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World War One: The Western Front

1914

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During World War One, combat raged on the Western Front from 1914 to 1918. This front was largely fought on French soil, although Belgium was also invaded. The key powers were the Entente / Allies on one side – British and French troops and their Imperial forces, later boosted by the US – and Germany on the other.

Causes of World War One

War Plans

Germany, planning for their much feared two front war with France and Russia, planned to knock France out in a quick, six week campaign before Russia could mobilize and threaten from the east. The plan was designed by Schlieffen, and called for a massive German attack to roll through the flat north of Europe – including Belgium – before swinging south and attacking Paris from the rear. The plan presumed France would surrender if Paris fell, presumed people would ignore the fall of Belgium, presumed Russia would take a long time to mobilize, and also presumed that a war of such movement was still possible.

More on the Schlieffen Plan

France knew of the Schlieffen Plan, but had formed their own Plan XVII despite it. This called for a mass attack with the bulk of their troops to regain Alsace and Lorraine, with a much smaller force left with the British to stop the German advance in the north. The plan assumed Germany could be stopped fairly easily. The French military had actually tried to get authorisation for a plan to attack through Belgium into Germany, but the government was against violating Belgium neutrality.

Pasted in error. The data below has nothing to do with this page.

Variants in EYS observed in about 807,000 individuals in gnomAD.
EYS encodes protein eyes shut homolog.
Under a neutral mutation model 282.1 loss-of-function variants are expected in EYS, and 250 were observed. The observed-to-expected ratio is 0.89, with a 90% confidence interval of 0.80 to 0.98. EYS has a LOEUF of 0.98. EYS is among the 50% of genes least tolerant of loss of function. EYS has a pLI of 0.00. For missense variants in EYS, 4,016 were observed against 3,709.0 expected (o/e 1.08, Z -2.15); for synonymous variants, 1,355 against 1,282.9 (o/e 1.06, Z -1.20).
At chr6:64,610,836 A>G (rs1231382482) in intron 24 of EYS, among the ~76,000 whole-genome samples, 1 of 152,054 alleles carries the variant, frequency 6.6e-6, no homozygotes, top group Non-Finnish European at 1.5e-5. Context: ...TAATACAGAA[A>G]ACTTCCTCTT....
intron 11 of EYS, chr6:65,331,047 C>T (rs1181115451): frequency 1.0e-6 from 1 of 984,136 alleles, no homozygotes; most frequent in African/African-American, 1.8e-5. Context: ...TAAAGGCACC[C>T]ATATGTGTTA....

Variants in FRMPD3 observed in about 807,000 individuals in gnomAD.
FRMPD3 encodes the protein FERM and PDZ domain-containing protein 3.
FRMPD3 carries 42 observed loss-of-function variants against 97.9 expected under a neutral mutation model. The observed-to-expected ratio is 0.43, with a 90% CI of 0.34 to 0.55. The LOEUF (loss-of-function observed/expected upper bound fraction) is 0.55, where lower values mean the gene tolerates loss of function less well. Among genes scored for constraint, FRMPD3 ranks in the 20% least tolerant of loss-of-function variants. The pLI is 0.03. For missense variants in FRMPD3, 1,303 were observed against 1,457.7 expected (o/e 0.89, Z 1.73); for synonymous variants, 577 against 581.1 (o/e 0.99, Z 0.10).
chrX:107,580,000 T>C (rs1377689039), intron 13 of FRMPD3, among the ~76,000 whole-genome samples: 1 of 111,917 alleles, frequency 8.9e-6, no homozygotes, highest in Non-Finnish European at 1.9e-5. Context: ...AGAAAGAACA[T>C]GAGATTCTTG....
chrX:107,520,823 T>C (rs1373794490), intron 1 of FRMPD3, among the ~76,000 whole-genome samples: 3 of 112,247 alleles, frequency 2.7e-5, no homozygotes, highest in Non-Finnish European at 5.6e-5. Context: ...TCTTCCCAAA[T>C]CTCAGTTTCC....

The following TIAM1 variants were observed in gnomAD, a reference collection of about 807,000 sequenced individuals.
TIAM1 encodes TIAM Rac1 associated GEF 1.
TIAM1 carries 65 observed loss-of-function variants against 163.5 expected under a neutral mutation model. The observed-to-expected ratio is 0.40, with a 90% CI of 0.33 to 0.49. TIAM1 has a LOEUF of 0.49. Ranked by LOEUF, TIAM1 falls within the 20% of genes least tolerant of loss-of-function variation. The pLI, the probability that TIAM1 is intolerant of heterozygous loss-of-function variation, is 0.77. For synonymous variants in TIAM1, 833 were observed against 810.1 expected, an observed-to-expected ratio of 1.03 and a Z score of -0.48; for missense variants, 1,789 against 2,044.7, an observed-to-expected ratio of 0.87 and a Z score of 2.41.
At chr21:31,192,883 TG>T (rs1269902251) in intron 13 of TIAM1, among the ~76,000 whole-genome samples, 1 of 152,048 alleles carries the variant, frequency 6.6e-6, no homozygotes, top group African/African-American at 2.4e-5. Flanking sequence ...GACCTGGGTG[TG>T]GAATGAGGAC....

Britain had a plan called ‘Business as Usual’. This involved putting a token British force on the continent to fight a little in the north, and instead demonstrating their support for the war effort by starting a naval blockade to starve Germany, all the while supplying France with much needed materials. Britain would then proceed to seize Germany’s colonies. The British commanders didn’t agree with this, and demanded millions of troops once war broke out.

Total and Static War

The Western powers hoped, and firmly believed, that any war would be short. The longer it went on, the more the meat grinder was dependent upon harnessing all the natural resources each country possessed to procure, supply, transport and deploy the army. It has been argued that victory was more dependent upon economics than tactics or elan. The million strong armies of 1914 and beyond lent themselves to a long war, a conclusion the commanders had not yet reached.

Machinery, technology, guns, gas, barbed wire, accurate long range rifles and artillery had also changed the nature of war, and this nature favoured static defences which human flesh found hard to conquer. Dominant firepower stops mobility, as humans cannot advance successfully into a hail of metal and live; digging is their answer. That the armies on the Western Front – and to some extent, the Eastern Front – found themselves in trenches was because it was the safest place to hold the line in the circumstances, rather than any desire on the part of the commanders. Instead, they faced the question of how to break the deadlock. They were trying to answer new questions, and experiments across the years of conflict would prove costly.

1914